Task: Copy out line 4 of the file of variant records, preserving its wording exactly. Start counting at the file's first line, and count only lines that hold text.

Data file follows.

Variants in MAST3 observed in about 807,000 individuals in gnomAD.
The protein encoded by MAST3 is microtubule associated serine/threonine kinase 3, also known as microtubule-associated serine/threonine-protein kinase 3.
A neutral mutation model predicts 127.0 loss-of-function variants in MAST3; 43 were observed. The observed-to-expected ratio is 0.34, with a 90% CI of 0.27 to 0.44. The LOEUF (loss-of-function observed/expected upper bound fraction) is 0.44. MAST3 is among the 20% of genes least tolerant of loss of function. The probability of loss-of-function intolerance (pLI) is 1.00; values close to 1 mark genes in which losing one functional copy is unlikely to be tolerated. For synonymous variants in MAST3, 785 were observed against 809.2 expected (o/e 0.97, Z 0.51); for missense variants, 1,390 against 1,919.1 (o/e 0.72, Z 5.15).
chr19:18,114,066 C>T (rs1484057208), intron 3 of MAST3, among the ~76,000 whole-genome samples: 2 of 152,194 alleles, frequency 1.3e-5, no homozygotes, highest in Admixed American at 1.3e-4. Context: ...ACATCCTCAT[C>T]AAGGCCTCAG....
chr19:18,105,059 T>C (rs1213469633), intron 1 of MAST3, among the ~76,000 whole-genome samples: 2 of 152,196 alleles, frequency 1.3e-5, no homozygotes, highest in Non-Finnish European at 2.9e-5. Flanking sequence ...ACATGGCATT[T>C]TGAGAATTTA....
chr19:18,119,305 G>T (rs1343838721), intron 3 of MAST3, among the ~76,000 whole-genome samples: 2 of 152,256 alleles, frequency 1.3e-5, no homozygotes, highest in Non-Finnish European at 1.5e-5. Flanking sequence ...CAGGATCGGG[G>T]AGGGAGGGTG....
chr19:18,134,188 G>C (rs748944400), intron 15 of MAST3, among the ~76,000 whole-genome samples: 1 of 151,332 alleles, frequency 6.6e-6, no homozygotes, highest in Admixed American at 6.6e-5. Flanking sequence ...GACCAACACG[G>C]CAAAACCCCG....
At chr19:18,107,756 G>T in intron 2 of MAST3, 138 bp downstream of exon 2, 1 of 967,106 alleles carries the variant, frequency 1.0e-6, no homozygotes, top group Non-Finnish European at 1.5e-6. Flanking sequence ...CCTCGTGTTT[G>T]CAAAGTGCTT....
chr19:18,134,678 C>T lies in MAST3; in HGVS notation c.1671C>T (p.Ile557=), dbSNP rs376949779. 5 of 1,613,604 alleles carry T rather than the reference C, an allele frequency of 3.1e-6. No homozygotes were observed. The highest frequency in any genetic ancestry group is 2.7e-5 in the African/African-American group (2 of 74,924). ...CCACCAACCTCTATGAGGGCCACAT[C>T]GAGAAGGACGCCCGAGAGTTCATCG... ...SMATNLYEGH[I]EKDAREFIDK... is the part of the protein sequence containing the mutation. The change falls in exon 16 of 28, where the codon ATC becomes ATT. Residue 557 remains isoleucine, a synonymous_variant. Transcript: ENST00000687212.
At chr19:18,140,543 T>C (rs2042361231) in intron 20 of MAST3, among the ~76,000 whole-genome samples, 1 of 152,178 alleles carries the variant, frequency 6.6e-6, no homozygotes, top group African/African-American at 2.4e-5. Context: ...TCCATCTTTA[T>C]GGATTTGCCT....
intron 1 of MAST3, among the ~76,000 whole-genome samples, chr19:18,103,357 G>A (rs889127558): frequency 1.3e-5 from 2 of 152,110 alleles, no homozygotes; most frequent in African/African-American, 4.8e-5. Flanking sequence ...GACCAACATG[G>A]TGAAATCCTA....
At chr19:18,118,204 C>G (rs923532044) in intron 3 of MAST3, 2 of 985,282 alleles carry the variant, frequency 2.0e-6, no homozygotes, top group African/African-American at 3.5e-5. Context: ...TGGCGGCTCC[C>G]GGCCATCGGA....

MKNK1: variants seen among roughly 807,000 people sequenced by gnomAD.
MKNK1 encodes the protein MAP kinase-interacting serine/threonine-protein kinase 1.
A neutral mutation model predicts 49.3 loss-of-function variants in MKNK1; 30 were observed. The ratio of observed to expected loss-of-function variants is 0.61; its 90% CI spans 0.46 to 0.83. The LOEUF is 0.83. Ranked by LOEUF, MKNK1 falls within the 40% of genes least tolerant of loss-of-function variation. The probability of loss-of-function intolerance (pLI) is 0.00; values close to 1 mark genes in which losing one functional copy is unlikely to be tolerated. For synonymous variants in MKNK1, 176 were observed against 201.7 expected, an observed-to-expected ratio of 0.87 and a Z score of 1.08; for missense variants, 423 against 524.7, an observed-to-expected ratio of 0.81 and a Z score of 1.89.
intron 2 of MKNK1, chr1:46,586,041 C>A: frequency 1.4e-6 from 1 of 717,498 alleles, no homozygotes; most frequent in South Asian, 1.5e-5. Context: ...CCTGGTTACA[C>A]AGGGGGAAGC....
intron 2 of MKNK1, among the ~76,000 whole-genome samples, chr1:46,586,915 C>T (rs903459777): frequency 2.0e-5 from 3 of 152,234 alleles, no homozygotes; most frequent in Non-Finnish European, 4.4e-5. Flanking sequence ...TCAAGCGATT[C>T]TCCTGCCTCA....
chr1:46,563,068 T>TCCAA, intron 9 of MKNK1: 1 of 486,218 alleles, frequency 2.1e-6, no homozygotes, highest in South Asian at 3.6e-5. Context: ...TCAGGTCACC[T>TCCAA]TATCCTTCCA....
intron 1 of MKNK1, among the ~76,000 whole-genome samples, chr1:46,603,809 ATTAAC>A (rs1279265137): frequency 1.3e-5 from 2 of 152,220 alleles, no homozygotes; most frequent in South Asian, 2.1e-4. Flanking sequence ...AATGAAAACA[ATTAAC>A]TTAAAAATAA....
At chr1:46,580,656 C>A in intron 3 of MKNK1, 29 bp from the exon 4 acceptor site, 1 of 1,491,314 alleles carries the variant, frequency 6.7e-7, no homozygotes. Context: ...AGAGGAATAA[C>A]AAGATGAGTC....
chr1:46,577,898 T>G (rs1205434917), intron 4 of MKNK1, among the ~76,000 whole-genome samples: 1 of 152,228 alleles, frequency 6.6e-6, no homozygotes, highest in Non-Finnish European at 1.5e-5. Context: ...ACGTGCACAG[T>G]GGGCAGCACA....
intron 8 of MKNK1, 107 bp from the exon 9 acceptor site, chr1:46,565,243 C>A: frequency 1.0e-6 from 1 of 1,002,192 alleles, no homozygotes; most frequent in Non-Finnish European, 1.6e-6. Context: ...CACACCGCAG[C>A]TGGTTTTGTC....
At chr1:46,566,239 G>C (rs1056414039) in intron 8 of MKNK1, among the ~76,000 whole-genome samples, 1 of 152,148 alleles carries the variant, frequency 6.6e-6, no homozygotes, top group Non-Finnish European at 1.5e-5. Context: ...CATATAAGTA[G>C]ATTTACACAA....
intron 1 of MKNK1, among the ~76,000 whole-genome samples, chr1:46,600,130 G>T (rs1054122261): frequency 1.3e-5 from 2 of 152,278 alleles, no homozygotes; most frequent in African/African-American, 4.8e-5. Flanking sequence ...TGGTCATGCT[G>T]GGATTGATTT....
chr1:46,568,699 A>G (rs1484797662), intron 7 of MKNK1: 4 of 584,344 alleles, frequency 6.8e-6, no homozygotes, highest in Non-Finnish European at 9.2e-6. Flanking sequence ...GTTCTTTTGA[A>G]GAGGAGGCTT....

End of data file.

chr19:18,114,066 C>T (rs1484057208), intron 3 of MAST3, among the ~76,000 whole-genome samples: 2 of 152,194 alleles, frequency 1.3e-5, no homozygotes, highest in Admixed American at 1.3e-4. Context: ...ACATCCTCAT[C>T]AAGGCCTCAG....